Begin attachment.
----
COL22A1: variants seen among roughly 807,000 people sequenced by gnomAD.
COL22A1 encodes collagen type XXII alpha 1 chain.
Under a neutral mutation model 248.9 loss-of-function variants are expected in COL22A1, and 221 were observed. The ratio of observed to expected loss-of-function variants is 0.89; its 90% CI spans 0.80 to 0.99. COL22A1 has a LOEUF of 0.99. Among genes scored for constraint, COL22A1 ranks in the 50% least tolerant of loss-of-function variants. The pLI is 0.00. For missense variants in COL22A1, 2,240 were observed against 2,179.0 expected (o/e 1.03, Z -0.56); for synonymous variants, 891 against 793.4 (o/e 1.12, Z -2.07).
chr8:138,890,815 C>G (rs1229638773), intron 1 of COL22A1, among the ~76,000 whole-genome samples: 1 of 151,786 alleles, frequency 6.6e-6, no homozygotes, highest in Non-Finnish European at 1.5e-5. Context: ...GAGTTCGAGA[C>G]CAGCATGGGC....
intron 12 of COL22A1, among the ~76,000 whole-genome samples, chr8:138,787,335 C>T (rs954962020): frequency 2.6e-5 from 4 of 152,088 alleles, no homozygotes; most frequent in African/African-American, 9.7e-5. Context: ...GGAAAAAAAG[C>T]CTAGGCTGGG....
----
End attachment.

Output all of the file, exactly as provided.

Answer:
COL22A1: variants seen among roughly 807,000 people sequenced by gnomAD.
COL22A1 encodes collagen type XXII alpha 1 chain.
Under a neutral mutation model 248.9 loss-of-function variants are expected in COL22A1, and 221 were observed. The ratio of observed to expected loss-of-function variants is 0.89; its 90% CI spans 0.80 to 0.99. COL22A1 has a LOEUF of 0.99. Among genes scored for constraint, COL22A1 ranks in the 50% least tolerant of loss-of-function variants. The pLI is 0.00. For missense variants in COL22A1, 2,240 were observed against 2,179.0 expected (o/e 1.03, Z -0.56); for synonymous variants, 891 against 793.4 (o/e 1.12, Z -2.07).
chr8:138,890,815 C>G (rs1229638773), intron 1 of COL22A1, among the ~76,000 whole-genome samples: 1 of 151,786 alleles, frequency 6.6e-6, no homozygotes, highest in Non-Finnish European at 1.5e-5. Context: ...GAGTTCGAGA[C>G]CAGCATGGGC....
intron 12 of COL22A1, among the ~76,000 whole-genome samples, chr8:138,787,335 C>T (rs954962020): frequency 2.6e-5 from 4 of 152,088 alleles, no homozygotes; most frequent in African/African-American, 9.7e-5. Context: ...GGAAAAAAAG[C>T]CTAGGCTGGG....